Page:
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Germany Refuses to Follow European Ban on New Combustion Engine Vehicles From 2035

Germany Refuses to Follow European Ban on New Combustion Engine Vehicles From 2035

To further its efforts in increasing sustainability and reducing carbon emissions, legislators in the European Commission recently proposed a target to cut all CO2 emissions from new cars starting from 2035, effectively banning the production and sale of new internal combustion engine vehicles. However, it now seems that the law will be met with strong resistance, with Germany expressing a refusal to agree with the proposed regulation.

In a speech during an event hosted by the country’s BDI industry association by Finance Minister Christian Lindner, the German government official said that the ban — which is also backed by the European Parliament — is wrong and that there would continue to be niches for internal combustion engines in the future. He added that Germany, while also working to increase sustainability and also remain the leading market for electric cars in Europe, will not agree to the new legislation.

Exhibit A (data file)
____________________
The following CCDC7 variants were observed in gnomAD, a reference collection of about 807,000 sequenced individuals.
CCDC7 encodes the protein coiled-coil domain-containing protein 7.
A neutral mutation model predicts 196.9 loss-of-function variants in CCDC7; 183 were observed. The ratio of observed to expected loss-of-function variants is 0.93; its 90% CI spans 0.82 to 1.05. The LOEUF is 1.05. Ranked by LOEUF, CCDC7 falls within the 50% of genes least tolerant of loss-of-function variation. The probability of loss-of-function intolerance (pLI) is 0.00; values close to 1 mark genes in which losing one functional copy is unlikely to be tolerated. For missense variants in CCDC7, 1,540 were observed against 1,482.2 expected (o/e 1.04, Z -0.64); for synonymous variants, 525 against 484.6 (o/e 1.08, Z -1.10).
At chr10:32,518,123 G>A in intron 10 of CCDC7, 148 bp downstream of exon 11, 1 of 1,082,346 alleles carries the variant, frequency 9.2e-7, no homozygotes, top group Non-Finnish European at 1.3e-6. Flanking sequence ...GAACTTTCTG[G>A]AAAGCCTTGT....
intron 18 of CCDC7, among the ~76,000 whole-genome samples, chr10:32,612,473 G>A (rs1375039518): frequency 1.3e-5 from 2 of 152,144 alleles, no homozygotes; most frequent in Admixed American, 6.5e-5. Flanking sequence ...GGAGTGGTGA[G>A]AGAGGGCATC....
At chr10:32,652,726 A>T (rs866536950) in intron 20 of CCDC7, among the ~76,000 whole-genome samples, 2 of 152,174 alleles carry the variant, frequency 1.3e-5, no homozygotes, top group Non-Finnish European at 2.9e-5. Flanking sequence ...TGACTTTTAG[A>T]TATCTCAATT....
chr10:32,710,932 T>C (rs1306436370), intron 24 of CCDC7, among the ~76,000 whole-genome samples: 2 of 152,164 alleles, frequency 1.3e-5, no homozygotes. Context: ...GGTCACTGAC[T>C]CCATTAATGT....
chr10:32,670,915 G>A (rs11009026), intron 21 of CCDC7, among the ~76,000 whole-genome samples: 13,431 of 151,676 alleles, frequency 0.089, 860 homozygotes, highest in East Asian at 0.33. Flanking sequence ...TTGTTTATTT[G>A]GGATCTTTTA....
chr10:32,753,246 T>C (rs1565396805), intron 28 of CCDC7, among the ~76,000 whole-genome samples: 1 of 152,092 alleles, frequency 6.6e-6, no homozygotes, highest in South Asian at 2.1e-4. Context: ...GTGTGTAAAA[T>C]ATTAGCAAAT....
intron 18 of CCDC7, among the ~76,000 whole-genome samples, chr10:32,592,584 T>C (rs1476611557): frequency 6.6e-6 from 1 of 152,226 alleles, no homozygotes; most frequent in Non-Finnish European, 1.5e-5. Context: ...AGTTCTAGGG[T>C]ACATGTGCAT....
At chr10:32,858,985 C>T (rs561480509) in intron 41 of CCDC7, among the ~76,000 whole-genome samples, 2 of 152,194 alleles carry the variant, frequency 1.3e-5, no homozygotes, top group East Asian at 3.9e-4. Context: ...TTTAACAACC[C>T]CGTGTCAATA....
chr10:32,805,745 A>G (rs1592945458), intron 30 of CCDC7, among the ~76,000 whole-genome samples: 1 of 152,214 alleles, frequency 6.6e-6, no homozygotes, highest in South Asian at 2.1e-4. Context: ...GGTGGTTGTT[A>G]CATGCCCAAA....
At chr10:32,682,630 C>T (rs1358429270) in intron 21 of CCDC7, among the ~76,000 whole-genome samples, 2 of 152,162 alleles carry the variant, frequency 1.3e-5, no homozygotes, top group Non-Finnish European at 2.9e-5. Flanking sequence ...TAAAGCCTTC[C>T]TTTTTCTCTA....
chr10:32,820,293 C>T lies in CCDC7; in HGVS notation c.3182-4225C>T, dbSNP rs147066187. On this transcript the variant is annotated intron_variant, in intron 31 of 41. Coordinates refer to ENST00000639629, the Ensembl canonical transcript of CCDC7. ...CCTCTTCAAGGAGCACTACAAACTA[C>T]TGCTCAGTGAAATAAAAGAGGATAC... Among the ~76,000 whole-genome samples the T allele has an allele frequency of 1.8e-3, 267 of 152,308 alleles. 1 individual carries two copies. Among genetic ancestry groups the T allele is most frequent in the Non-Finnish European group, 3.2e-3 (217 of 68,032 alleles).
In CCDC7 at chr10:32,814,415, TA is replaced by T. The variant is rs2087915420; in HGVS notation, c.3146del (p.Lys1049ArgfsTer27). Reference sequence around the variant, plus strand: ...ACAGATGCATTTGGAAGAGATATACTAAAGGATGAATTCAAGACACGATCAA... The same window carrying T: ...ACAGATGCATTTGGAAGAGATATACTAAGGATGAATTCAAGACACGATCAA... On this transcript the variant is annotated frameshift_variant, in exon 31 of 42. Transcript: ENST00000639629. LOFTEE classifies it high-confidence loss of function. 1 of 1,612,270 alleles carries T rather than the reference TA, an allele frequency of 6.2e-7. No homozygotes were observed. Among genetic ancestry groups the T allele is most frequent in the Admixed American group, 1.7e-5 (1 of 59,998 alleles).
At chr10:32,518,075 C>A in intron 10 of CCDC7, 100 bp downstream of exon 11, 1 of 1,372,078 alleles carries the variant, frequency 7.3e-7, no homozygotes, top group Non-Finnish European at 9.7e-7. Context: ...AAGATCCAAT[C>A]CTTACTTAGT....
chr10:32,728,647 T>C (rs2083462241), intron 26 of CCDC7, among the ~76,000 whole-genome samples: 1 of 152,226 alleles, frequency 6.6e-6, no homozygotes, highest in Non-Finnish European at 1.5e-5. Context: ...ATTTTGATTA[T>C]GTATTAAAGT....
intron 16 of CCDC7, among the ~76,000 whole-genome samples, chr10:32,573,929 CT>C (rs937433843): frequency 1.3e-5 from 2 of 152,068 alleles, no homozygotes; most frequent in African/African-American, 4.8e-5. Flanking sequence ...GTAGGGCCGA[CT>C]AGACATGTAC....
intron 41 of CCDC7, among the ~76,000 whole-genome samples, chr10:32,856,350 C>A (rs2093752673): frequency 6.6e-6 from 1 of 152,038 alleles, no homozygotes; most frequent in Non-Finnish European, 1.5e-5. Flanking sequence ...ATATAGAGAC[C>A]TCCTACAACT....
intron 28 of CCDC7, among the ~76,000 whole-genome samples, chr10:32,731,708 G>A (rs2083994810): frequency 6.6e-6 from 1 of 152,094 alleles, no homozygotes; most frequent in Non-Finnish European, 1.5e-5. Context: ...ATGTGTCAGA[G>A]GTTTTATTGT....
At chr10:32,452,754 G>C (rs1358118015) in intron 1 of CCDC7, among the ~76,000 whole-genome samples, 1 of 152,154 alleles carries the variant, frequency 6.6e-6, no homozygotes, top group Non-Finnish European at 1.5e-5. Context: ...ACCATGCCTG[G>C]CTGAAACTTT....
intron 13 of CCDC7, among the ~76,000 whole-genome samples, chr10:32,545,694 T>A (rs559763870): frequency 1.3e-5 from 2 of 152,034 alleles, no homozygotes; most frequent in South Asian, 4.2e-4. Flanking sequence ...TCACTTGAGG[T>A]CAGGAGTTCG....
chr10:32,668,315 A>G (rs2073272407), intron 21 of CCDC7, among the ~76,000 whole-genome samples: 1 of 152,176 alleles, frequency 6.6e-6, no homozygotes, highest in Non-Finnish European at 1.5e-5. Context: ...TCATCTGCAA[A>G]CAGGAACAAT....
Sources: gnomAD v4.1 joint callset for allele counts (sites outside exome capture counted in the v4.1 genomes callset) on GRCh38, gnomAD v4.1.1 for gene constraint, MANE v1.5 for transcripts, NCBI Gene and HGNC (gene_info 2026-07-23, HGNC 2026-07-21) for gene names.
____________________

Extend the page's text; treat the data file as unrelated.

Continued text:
On the flip side, regardless of the country’s own stance, many German automakers have already announced plans to convert most, if not all, of their models to EVs over the next decade or so. Electric car sales already surpassed that of diesel vehicles for the first time in the region just last year and manufacturers such as Volkswagen, Porsche, BMW and Mercedes-Benz have all revealed roadmaps to transition to mostly EVs over the coming years.

Elsewhere in the automotive industry, Tesla has raised its car prices by as much as $6,000 USD amid growing inflation.

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